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Getting a Pay Raise? Do This First


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Expecting something extra in your paycheck soon? You're not alone.

Employers expect to provide employees with an average raise of 3.1 percent in 2019, according to a recent survey by the advisory firm Willis Towers Watson. If you're among the employees due for a raise, you might be surprised at just how much even a modest salary bump can improve your financial fortunes.

"Have fun with some of that money, but if you reduce debt and save some of it, too, it can pay hu ge dividends down the road," said Gerri Walsh, president of the FINRA Foundation. "Time is your friend when it comes to saving: If you save $100 a month, at a 5 percent rate of return, in 30 years you'll have over $80,000."

Here are four smart uses for the extra cash that comes with a raise.

Pay Down Debt

A raise is an opportunity to chip away or eliminate high-interest debt, such as credit card debt. Few money-management strategies pay off as well as, or with less risk, than paying off all of your high interest debt. Chipping away at high-interest debt can save you hundreds, even thousands of dollars in the long run.

TIP: Consider funneling the extra cash from your raise to one of these three debt repayment strategies .

Boost Your Emergency Savings

If something unexpected came up, like a medical or car expense, could you come up with $2,000 within the next month? About 34 percent of Americans probably or certainly could not come up with that money, according to a study by the FINRA Investor Education Foundation. And 54 percent of Americans don't have enough saved in "rainy day" funds to cover three months' worth of living expenses.

If you've been procrastinating on establishing an emergency savings fund, your pay raise could be a great motivator to get serious about saving for the unexpected .

Increase Your Retirement Contributions

A pay raise can be an opportunity to put additional money into your retirement savings. If your employer offers matching 401(k) contributions, one wise way to use your raise is to increase your 401(k) contribution to take greater advantage of your employer's match. When it comes to matches, it's rarely a good idea to leave free money on the table .

Even if you are already taking full advantage of any matching contribution, it could be a good time to up your contribution if you are still under the federal maximum 401(k) contribution limit ($19,000 in 2019, or $26,000 if you are over 50 years old). You may also want to consider contributing to other retirement accounts, such as traditional or Roth IRAs .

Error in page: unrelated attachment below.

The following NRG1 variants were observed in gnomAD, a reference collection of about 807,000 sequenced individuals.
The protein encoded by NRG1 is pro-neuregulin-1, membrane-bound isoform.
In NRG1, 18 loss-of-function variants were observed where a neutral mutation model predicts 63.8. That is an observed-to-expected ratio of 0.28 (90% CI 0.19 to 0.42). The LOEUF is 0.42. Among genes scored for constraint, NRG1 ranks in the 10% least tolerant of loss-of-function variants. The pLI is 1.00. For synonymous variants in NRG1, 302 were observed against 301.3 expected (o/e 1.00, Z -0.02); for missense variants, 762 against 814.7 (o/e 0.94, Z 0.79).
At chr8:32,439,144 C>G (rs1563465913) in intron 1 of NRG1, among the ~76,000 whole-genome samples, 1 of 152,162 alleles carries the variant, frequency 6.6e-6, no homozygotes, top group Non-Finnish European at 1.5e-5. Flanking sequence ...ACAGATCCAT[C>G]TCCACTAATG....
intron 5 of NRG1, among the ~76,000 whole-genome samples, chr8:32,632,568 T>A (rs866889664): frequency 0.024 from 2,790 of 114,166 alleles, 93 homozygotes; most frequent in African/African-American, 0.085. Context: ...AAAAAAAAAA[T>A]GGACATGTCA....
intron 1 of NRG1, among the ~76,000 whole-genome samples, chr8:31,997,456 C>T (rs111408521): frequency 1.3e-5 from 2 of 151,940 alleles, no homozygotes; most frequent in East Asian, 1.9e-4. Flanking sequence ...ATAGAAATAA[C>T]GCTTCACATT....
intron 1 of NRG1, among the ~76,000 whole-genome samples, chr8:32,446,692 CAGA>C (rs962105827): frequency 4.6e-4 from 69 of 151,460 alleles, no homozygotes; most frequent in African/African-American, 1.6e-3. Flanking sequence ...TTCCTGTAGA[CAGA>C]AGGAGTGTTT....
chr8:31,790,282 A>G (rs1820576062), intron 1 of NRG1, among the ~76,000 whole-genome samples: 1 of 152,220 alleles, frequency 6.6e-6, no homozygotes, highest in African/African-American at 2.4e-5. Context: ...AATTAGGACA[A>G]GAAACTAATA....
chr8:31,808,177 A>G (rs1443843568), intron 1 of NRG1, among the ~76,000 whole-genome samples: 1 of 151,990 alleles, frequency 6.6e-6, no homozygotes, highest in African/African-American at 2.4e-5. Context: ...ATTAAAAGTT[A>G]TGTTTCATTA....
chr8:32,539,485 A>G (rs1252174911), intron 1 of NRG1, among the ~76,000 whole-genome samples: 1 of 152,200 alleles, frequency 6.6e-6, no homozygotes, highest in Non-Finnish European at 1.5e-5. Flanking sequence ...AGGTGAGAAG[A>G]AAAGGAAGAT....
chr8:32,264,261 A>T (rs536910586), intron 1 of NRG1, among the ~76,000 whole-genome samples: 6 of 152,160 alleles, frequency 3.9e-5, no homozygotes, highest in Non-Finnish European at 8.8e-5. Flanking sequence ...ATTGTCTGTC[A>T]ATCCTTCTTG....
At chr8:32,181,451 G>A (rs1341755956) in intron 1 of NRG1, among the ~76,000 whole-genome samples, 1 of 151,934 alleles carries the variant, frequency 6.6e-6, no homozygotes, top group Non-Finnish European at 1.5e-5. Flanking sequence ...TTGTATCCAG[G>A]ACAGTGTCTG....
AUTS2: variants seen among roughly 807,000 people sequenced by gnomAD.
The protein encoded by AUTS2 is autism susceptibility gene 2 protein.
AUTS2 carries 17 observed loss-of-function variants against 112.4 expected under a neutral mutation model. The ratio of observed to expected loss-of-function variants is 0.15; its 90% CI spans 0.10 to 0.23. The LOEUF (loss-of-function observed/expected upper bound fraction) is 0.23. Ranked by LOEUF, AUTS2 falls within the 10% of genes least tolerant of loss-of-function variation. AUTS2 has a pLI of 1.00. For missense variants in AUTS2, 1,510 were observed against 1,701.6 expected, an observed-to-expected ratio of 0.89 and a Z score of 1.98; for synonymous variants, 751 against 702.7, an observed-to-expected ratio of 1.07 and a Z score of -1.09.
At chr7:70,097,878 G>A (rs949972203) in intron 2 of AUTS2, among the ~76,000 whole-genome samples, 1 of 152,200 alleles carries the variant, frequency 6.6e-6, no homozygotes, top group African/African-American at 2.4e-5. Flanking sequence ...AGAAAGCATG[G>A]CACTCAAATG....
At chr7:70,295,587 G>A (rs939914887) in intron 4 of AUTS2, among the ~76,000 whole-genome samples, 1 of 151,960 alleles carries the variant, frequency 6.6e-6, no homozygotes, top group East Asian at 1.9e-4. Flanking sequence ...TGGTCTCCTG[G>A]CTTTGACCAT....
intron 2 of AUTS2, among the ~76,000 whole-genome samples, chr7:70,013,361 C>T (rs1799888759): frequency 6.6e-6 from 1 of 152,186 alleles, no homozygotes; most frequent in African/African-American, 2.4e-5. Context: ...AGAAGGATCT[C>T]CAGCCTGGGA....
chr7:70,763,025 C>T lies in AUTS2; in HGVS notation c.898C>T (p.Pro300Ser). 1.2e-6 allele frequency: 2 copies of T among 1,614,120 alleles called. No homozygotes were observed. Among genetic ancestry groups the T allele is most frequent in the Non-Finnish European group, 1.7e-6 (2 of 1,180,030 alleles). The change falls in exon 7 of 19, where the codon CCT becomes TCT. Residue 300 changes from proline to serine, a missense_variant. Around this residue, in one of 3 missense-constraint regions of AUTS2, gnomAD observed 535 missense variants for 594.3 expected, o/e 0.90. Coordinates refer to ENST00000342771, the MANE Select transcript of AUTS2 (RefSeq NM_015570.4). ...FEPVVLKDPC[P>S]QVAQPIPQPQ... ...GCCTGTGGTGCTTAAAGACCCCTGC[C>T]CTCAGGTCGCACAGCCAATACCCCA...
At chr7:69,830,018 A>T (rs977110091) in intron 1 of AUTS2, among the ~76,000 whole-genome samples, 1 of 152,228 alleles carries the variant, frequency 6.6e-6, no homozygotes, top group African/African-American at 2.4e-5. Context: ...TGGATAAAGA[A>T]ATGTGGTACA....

Invest in your future.

Saving for retirement is always a solid financial goal, but most of us have other financial goals, too. Your raise could be a step toward achieving them. Make a list of your financial goals and estimate how much each will cost. Want to go on a fabulous vacation? Get a degree? Buy a house? Save for a child's education? Write it all down. Then, separate your goals into categories- short, medium and long-term -and set up savings and investment accounts for each one. It's easy to think you're saving enough money, but keeping separate accounts allows you to keep track of exactly how close you are to achieving each goal.

Subscribe to FINRA's The Alert Investor newsletter for more information about saving and investing.

FINRA is dedicated to investor protection and market integrity. It regulates one critical part of the securities industry - brokerage firms doing business with the public in the United States. FINRA, overseen by the SEC, writes rules, examines for and enforces compliance with FINRA rules and federal securities laws, registers broker-dealer personnel and offers them education and training, and informs the investing public. In addition, FINRA provides surveillance and other regulatory services for equities and options markets, as well as trade reporting and other industry utilities. FINRA also administers a dispute resolution forum for investors and brokerage firms and their registered employees. For more information, visit www.finra.org .

Photo Credit: ŠiStockphoto.com/jansucko



The views and opinions expressed herein are the views and opinions of the author and do not necessarily reflect those of Nasdaq, Inc.





This article appears in: Personal Finance , Financial Advisor Center



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